Research Archive

Report from the 2015 Automated Vehicles Symposium (AVS 2015) in Ann Arbor, Michigan

Transportation is making major moves toward a future system of vehicles wirelessly communicating with each other and eventually driving themselves to avoid accidents and save lives. These connected automated vehicles are a major part of the U.S. Department of Transportation (USDOT) research agenda. Thus, several USDOT leaders and staff participated in the recent 2015 Automated Vehicles Symposium (AVS 2015) held in Ann Arbor, Michigan, to discuss this hot topic within the transportation industry.

The National Academies Transportation Research Board (TRB) and Association of Unmanned Vehicle Systems International (AUVSI) partner together to host the annual automated vehicle event, now in its fourth year. The symposium focuses on the impact, benefits, challenges, and risks of increasingly automated road vehicles and the environments in which they operate. AVS 2015 was held from July 21 through 23 and brought together key government, industry, and academic experts from around the world to identify opportunities and challenges in automated vehicle research.

National Highway Traffic Safety Administration (NHTSA) Administrator Dr. Mark R. Rosekind delivered the keynote address on the first day of the symposium. Dr. Rosekind reiterated Secretary Foxx’s commitment to pursuing innovations, such as connected automation, that can transform every mode of transportation. He also highlighted the USDOT’s role in pursuing advanced technologies that improve safety through policy initiatives such as NHTSA’s acceleration of its rulemaking process on vehicle-to-vehicle (V2V) communications, testing for potential spectrum sharing and interference with V2V radio signals, and developing a regulatory framework that removes barriers to technology innovation. In addition, Dr. Rosekind discussed major issues in connected automation such as the human-machine interface, cybersecurity, and privacy and the various initiatives underway to address them. The administrator concluded his keynote with a challenge to the industry to work collaboratively to address the shared responsibility of transportation safety and to design connected automated systems that are safe and do not themselves cause accidents.

Many of the event’s plenary and breakout sessions explored these issues in greater detail. Plenary sessions offered presentations from the public sector, automakers and suppliers, technology firms and academic research institutes on road automation issues such as key safety principles, ethical considerations, private investment, international collaboration and initiatives, public perception, human factors, automated trucking applications, digital infrastructure, state and city level issues, and more.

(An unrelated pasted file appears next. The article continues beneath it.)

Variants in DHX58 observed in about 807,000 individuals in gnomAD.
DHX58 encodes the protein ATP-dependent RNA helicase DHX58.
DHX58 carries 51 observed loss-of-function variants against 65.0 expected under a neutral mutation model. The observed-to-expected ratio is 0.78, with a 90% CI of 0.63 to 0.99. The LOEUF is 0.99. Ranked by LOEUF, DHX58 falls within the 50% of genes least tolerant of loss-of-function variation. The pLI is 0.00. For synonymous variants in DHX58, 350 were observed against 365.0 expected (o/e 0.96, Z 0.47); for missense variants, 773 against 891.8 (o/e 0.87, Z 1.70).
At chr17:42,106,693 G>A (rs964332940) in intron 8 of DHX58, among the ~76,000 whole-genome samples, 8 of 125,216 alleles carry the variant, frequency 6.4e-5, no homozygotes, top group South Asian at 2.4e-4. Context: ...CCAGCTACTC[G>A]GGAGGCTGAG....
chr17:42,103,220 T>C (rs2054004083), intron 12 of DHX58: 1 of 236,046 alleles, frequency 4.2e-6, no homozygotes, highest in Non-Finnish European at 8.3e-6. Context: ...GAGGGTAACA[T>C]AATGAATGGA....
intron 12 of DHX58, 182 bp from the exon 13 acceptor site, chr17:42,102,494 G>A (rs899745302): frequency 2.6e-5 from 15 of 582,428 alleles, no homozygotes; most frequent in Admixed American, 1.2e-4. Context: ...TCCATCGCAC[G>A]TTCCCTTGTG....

Breakout session topics included:

  • Human Factors in the Design of Road Vehicle Automation
  • Early Deployment Opportunities for Connected Automation Systems
  • Beyond Single Occupancy Vehicles: Automating Transit and Shared Mobility
  • Wireless Connectivity for Automated Vehicles: What Concepts Need It? What Technologies Provide It?
  • Energy and Demand
  • Integrated Traffic Flow Models and Analysis for Automated Vehicles
  • Legal Pathways to Automated Vehicles
  • Truck Automation
  • Prioritizing Public Policy Challenges for Automated Vehicles
  • Physical and Digital Infrastructure
  • Vulnerable Road Users: How Can Automated Vehicle Systems Help to Keep Them Safe and Mobile?
  • Verification and Validation of On-Road Automated Vehicles
  • Implications of Vehicle Automation for Planning
  • Beyond Single Occupancy Vehicles: Automating Transit and Shared Mobility
  • Cybersecurity for Automated Vehicles
  • Enabling Technologies
  • Impact of Connected and Automated Vehicles on Traffic Management Systems and Operational Strategies
  • Traffic Signal Control with Connected and Automated Vehicles.

AVS 2015 concluded with a USDOT Listening Session, during which USDOT program managers presented research plans and findings, discussed current issues in automated vehicle research, and shared key information they learned during the event. Many noted common concerns across the sessions including understanding of the transition period to full deployment of connected automated vehicles and the implications of mixed vehicles on the roads; consideration of the human element and how drivers will interact with the vehicles; the need for more standards; and the need for more research, testing, and data.

USDOT program managers also presented their work as part of the AVS 2015 poster sessions held during the first two days of the event.

Nearly 900 attendees, representing disciplines ranging from engineering to psychology to law, participated in the symposium over the course of the week—demonstrating the relevance of this transformative technology not only to the transportation industry but to society as a whole.